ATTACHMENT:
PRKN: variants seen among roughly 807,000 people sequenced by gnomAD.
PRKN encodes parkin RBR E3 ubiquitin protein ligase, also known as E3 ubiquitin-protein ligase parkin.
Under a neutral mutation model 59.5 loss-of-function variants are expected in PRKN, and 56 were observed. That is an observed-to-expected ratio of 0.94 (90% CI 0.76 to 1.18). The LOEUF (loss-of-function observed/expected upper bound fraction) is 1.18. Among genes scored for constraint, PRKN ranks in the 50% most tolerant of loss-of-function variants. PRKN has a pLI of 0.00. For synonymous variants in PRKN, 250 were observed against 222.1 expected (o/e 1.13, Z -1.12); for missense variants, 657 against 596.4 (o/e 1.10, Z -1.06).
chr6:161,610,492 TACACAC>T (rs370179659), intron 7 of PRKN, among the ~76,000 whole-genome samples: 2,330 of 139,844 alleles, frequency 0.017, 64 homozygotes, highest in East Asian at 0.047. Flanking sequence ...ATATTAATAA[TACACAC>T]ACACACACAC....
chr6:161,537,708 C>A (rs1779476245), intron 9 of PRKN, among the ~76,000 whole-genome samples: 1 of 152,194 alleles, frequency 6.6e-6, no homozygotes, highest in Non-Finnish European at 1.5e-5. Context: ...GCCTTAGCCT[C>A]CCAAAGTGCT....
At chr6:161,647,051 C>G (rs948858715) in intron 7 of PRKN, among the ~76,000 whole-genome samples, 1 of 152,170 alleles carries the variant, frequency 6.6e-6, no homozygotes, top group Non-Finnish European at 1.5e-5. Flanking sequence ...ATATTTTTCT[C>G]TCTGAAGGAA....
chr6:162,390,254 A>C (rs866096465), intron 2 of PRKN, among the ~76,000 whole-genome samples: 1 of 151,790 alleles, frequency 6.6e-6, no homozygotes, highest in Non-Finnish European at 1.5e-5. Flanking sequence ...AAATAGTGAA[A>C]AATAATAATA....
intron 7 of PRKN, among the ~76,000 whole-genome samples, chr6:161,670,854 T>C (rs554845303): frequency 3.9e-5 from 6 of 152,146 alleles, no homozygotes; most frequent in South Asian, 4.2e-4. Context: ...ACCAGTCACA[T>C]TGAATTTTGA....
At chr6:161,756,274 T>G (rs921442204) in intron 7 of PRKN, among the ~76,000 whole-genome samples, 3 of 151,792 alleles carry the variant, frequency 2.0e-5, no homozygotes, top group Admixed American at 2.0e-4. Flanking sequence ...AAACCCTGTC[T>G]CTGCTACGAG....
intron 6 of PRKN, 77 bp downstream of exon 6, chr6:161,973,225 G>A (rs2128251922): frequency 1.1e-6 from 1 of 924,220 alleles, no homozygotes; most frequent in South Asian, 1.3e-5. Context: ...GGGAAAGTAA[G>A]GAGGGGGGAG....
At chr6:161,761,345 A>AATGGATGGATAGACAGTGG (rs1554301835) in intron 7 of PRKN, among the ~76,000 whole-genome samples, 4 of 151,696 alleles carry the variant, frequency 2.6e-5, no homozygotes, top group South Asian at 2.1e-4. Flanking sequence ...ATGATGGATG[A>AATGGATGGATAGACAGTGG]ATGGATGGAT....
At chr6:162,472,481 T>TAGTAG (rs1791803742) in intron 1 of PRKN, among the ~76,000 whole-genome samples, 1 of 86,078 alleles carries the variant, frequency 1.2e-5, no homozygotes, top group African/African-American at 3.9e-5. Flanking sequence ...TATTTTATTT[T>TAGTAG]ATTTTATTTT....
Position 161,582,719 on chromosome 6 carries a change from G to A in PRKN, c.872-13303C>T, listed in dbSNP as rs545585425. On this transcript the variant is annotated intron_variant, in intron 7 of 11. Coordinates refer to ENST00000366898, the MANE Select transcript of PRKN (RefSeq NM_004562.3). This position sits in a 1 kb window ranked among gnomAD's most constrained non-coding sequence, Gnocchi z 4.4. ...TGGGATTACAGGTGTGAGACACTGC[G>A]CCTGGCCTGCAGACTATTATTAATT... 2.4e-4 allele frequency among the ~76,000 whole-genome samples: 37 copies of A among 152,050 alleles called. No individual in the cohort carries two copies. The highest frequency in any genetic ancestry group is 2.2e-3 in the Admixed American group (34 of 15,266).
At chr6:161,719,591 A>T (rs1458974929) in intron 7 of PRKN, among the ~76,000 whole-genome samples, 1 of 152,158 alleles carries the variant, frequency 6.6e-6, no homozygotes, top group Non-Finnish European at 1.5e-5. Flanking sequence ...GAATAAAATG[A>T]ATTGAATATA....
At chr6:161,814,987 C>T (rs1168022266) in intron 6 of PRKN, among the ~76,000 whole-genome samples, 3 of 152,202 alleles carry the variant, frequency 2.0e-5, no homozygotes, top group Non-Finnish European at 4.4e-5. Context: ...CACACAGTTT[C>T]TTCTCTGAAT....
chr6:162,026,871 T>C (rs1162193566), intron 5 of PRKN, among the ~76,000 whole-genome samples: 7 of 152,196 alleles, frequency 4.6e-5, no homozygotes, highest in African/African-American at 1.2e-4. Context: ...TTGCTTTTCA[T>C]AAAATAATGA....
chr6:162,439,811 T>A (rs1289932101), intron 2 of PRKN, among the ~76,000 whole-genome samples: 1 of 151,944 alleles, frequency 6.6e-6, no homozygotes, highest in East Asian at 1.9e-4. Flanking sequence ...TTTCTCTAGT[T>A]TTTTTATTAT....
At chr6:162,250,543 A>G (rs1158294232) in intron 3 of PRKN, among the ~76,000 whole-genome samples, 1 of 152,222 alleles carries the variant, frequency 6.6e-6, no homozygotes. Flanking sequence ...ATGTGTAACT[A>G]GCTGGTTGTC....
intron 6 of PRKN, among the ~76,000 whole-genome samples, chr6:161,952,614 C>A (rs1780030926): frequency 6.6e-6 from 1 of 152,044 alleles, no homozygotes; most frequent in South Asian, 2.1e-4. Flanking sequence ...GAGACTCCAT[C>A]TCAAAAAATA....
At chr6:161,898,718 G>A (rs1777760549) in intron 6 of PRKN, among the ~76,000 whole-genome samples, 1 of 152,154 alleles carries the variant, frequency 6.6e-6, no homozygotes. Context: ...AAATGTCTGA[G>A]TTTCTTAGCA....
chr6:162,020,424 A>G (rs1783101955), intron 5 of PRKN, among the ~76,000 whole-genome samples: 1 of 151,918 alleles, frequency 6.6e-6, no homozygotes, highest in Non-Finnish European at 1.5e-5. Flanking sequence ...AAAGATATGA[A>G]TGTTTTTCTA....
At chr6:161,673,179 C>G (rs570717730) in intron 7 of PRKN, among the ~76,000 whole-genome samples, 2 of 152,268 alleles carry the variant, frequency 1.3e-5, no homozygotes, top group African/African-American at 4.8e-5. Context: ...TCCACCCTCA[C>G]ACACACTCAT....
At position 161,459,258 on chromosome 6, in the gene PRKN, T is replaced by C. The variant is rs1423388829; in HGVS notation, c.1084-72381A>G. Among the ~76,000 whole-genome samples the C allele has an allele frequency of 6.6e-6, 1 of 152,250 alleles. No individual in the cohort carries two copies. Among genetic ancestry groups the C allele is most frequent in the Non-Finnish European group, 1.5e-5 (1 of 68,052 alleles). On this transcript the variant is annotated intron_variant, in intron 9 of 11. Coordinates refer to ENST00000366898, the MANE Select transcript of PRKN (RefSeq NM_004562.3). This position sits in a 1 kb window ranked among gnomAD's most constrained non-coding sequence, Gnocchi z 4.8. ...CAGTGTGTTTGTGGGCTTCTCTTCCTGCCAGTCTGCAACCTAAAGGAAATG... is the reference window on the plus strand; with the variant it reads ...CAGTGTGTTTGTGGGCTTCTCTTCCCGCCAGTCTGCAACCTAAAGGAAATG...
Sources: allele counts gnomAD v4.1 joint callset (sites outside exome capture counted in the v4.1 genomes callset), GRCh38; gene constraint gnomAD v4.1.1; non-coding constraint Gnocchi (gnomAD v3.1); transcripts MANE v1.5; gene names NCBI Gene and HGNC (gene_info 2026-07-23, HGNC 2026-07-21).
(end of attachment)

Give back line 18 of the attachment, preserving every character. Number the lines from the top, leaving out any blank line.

At chr6:162,250,543 A>G (rs1158294232) in intron 3 of PRKN, among the ~76,000 whole-genome samples, 1 of 152,222 alleles carries the variant, frequency 6.6e-6, no homozygotes. Flanking sequence ...ATGTGTAACT[A>G]GCTGGTTGTC....